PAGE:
I did not try this, yet, but I will on a small cake that I have lying around, sooner or later


    best regards from Germany


    Jokke (Lagerspets)


    PS I have gathered some info on a german forum (messerforum.net as jl-jokke)


    don't know why, but it has gathered over 50.000 hits B)

    have not been posting much there in the last years

  8. hope you have a good class and that your pupils will have a decent size wootz-blade at the end of this week

    let us know how many heat-cycles they count


    best regards from Germany

  9. Hi Athan,

    I do have a burner like yours for my bigger red gas forge,

    in der werkstatt (1).JPG


    the smaller one (5kg gas bottle) works with one of my venturi-systems

    in Achims burner was a 1mm gas feed tip that I changed into a 1mm mig-tip, because of its longer straight way for the gas (like rifle barrel, not like pistol) makes the venturi effect a bit stronger.

    Achim has been melting with this venturi for years now, needs no electricity, so it is very easy to take along...


    that is why I started like that, too

    but I want to try the blower-type burner in my smelter, too

    need to put somekind of connection onto the pipe,since the intake of the smelter is of a smaller diameter than the (I quess 2 inch)pipe of the burner (I did not build it myself, it came with the gasforge, that someone from eastern Germany had to sell, because his neighbours would not let him forge and hammer in the backyard, *bummer*)


    hope to get to the making of a king these days,

    I am going to use the bigger venturi-burner, (the one in the fourth pic) that has a device to blow in extra air (it is a bit like cheating on the venturi)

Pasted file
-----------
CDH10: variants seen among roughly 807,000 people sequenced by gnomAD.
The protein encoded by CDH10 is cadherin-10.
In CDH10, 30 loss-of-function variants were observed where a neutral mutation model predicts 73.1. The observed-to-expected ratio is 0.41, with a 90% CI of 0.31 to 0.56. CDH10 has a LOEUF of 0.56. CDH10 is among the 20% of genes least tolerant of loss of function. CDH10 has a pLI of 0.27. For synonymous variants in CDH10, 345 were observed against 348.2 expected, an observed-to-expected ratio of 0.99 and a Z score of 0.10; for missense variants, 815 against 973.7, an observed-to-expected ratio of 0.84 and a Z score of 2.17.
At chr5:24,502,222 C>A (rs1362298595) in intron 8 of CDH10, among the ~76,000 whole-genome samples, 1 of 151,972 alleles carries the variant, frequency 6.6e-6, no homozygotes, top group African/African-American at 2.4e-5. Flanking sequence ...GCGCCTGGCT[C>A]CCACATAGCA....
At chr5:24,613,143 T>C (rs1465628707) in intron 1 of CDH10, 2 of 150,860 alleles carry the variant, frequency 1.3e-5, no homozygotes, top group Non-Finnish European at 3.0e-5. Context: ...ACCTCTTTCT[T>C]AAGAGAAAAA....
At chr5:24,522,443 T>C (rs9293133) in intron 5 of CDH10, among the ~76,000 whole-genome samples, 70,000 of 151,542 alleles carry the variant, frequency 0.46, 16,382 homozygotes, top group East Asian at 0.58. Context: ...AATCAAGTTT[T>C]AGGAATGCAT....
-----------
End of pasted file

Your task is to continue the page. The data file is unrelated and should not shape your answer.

I will try to show pics then..

    best regards

  10. ... how do you construct the cover? I just use some thick firebricks but it seems a bit crude. On the other hand maybe the thermal mass from the bricks keeps the ingot top nice and hot as it solidifies and builds dendrites...

    Hi Athan,

    as you could see, I used the cutoff from the gas-bottle as a top. It has a kind of cupola effect. I had gotten the hint to weld some nails into the form, so that the lining of ceramic blanket had a better hold - and then put the cast on it. That works fine

    I think something with a better insulating effect would be better as a top, bricks "eat" a lot of energy - but so far I have not made a better "topping", but I am thinking about it...


  11. mine is big enough for an A6 now, too, but I tend to use smaller crucibles, since they need less energy

    firebrick is not transporting heat well, I recommend using the downer part of an old crucible as a stand


    pls be free to show some pics here, too, maybe of your burner?


    here some more pics:


    wrapping the bottle with some paper, did not make it much easier to get the concrete in, though


    this is how smooth it came out, much better than before


    so I heated it up with a burner from a friend of mine, had to close two holes to make it run evenly, but was able to open them up at about 800°C


    until then most of the water had damped out and I had an old A6 crucible with some nails in it


    then I changed the burner to Achim W's "hellburner" which gave the temp a kick up to 1400°C



    let it go for a while




    although the temp was not high enough to do a melting

    next time then...



  12. so since I am on holiday I started a redo on my wootzsmelter, after working in the garden.


    It is my old smelter, made from an 11kg gasbottle, following a design I got from Achim Wirtz here in Germany